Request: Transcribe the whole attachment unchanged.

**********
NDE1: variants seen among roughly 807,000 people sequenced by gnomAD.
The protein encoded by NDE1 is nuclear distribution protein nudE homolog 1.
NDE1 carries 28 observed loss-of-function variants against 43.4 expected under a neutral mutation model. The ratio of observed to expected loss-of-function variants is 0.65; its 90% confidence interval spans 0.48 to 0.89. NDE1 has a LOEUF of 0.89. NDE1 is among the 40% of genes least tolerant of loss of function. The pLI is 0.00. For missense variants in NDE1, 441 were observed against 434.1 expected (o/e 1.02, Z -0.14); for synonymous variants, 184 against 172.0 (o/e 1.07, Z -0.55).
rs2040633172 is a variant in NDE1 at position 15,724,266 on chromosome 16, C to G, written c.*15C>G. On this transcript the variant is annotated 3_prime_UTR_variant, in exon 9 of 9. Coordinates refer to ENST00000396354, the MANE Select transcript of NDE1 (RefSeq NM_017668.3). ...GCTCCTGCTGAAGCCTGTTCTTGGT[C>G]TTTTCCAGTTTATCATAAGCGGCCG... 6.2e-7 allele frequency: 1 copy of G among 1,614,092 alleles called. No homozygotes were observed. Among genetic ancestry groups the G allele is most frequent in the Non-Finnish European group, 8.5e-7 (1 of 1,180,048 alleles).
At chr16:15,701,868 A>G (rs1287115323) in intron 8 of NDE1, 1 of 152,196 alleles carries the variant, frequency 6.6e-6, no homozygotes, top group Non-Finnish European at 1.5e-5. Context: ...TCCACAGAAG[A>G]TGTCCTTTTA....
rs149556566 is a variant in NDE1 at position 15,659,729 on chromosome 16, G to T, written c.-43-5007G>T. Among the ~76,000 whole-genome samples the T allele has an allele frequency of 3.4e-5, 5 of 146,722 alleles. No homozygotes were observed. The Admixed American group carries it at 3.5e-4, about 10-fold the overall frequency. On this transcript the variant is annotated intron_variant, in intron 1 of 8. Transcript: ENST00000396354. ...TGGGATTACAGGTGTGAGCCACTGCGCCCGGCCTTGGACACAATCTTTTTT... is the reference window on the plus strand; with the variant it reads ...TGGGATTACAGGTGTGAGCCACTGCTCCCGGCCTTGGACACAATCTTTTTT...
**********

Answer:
NDE1: variants seen among roughly 807,000 people sequenced by gnomAD.
The protein encoded by NDE1 is nuclear distribution protein nudE homolog 1.
NDE1 carries 28 observed loss-of-function variants against 43.4 expected under a neutral mutation model. The ratio of observed to expected loss-of-function variants is 0.65; its 90% confidence interval spans 0.48 to 0.89. NDE1 has a LOEUF of 0.89. NDE1 is among the 40% of genes least tolerant of loss of function. The pLI is 0.00. For missense variants in NDE1, 441 were observed against 434.1 expected (o/e 1.02, Z -0.14); for synonymous variants, 184 against 172.0 (o/e 1.07, Z -0.55).
rs2040633172 is a variant in NDE1 at position 15,724,266 on chromosome 16, C to G, written c.*15C>G. On this transcript the variant is annotated 3_prime_UTR_variant, in exon 9 of 9. Coordinates refer to ENST00000396354, the MANE Select transcript of NDE1 (RefSeq NM_017668.3). ...GCTCCTGCTGAAGCCTGTTCTTGGT[C>G]TTTTCCAGTTTATCATAAGCGGCCG... 6.2e-7 allele frequency: 1 copy of G among 1,614,092 alleles called. No homozygotes were observed. Among genetic ancestry groups the G allele is most frequent in the Non-Finnish European group, 8.5e-7 (1 of 1,180,048 alleles).
At chr16:15,701,868 A>G (rs1287115323) in intron 8 of NDE1, 1 of 152,196 alleles carries the variant, frequency 6.6e-6, no homozygotes, top group Non-Finnish European at 1.5e-5. Context: ...TCCACAGAAG[A>G]TGTCCTTTTA....
rs149556566 is a variant in NDE1 at position 15,659,729 on chromosome 16, G to T, written c.-43-5007G>T. Among the ~76,000 whole-genome samples the T allele has an allele frequency of 3.4e-5, 5 of 146,722 alleles. No homozygotes were observed. The Admixed American group carries it at 3.5e-4, about 10-fold the overall frequency. On this transcript the variant is annotated intron_variant, in intron 1 of 8. Transcript: ENST00000396354. ...TGGGATTACAGGTGTGAGCCACTGCGCCCGGCCTTGGACACAATCTTTTTT... is the reference window on the plus strand; with the variant it reads ...TGGGATTACAGGTGTGAGCCACTGCTCCCGGCCTTGGACACAATCTTTTTT...